Trident can go “as fast as Michael Phelps,” according to co-founders David Lang and Eric Stackpole. For reference, Phelps clocks in at 4.4 mph if you factor his record for 50.77 seconds in the 100 m. So that’s faster than a goldfish, but not as fast as one might think. It’s still pretty fast as far as underwater vehicles, or even some drones go, though.
The other cool thing about Trident is its ability for precision maneuvers. Trident can swim in long, straight lines called “transects” but also stop on a dime and execute moves in tight spaces, using any kind of gaming controller (we tried it out with a Playstation controller hooked up to a PC monitor).
That sort of quickness and precision is helpful when traversing underneath the sea. Trident can hover over objects or change depth or direction without pitching at high or low speed. The added ability to stop exactly where you want to further explore a sunken ship (possibly with buried treasure) is a boon to underwater exploration.
Trident and other OpenROV vehicles can also go pretty far down into some of the deepest depths of the ocean, much farther than most human explorers. Trident can get to 100 meters below the surface – the technical limit for humans in underwater deep diving.
The underwater drone can stream live video to a monitor during explorations and the team at OpenROV is currently exploring VR so those playing with one of these drones can feel like they are right there in the depths with their vehicle.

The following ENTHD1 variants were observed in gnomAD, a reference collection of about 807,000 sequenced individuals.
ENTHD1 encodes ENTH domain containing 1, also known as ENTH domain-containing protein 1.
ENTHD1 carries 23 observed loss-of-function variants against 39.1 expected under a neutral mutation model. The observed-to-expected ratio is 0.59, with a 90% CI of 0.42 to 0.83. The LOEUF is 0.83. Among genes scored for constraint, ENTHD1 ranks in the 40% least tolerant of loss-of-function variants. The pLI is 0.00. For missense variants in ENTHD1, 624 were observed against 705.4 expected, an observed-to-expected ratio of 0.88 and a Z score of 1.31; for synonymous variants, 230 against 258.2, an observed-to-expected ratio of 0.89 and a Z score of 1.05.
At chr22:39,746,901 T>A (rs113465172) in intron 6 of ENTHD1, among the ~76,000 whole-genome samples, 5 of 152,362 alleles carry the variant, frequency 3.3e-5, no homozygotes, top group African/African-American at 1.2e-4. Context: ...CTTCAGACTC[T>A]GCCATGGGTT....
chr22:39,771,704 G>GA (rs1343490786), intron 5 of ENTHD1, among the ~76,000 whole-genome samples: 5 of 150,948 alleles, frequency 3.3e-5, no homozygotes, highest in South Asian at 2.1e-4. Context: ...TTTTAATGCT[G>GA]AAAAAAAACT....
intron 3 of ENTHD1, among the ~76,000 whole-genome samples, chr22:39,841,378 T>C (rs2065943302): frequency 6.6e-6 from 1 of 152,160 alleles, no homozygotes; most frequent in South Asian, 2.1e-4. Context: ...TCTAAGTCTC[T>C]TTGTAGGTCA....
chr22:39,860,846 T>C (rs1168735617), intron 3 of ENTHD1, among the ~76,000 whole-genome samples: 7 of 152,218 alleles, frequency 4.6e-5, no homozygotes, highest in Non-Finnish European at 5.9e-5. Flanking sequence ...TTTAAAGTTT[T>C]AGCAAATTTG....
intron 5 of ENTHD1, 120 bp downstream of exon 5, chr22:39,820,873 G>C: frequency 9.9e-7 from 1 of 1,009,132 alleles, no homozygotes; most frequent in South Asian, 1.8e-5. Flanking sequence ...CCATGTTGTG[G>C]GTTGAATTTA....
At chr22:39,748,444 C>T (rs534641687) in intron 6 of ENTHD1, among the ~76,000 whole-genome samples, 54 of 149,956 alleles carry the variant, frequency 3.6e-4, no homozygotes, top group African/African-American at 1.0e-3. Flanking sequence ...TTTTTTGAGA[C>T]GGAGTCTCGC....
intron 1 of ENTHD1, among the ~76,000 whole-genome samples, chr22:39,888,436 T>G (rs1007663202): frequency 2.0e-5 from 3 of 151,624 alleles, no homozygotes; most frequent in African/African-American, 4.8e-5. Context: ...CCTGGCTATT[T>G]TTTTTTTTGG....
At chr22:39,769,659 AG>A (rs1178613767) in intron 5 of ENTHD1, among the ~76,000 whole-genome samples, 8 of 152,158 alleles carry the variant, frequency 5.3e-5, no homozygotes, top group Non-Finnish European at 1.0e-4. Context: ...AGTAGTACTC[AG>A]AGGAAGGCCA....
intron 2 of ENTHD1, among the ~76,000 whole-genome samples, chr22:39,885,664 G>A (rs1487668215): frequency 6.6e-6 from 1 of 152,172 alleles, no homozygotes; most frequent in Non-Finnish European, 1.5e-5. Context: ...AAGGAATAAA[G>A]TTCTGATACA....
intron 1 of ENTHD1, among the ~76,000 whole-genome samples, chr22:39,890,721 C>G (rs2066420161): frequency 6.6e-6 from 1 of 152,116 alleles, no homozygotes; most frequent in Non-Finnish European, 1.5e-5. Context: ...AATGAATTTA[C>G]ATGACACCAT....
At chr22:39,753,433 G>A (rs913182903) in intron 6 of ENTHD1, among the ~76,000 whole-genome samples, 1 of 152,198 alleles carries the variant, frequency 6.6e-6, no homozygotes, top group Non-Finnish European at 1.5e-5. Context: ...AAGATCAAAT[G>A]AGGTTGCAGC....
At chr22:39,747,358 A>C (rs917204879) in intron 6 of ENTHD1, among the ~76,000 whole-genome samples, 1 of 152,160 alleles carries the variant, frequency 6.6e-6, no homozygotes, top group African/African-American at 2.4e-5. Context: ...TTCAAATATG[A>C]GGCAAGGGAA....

People are coming up with all sorts of uses for VR, but Trident would make a perfect case for the classroom. “Imagine a teacher in the future using this in class and all the kids can put on their Google VR headsets and see different things around the ocean,” Lang said.
OpenROV started out as a project among friends to get to the bottom of an underwater mystery. Legend had it a group of Native Americans had dumped a bunch of gold at the bottom of a well, deep within the Hall City cave in Hayfork, California back in the 1800’s. I first wrote about this OpenROV and this underwater endeavor for USA Today in November, 2013.
The founders have yet to get to the bottom of that well (they tell me they went as deep as they could go with their rovers and still couldn’t reach the bottom), but did start get a company because of it a couple years ago that would make simple, lower-cost underwater drone DIY kits available for everyone. OpenROV took in a tidy million dollar sum of venture capital since to explore new designs, including the Trident.
OpenROV is in the last days of its Trident Kickstarter campaign (closing tomorrow at midnight). So far the campaign has raised nearly $800,000 to date – much more than the original $50,000 the co-founders initially sought.
I recently went to OpenROV headquarters in Berkeley, California where the team designs, manufactures, ships and supports the robots. Stackpole gave me a tour of his open garage in the heart of an industrial park and let me play with the Trident in a tank of water the team set up for testing purposes. Check out that interview above to find out more.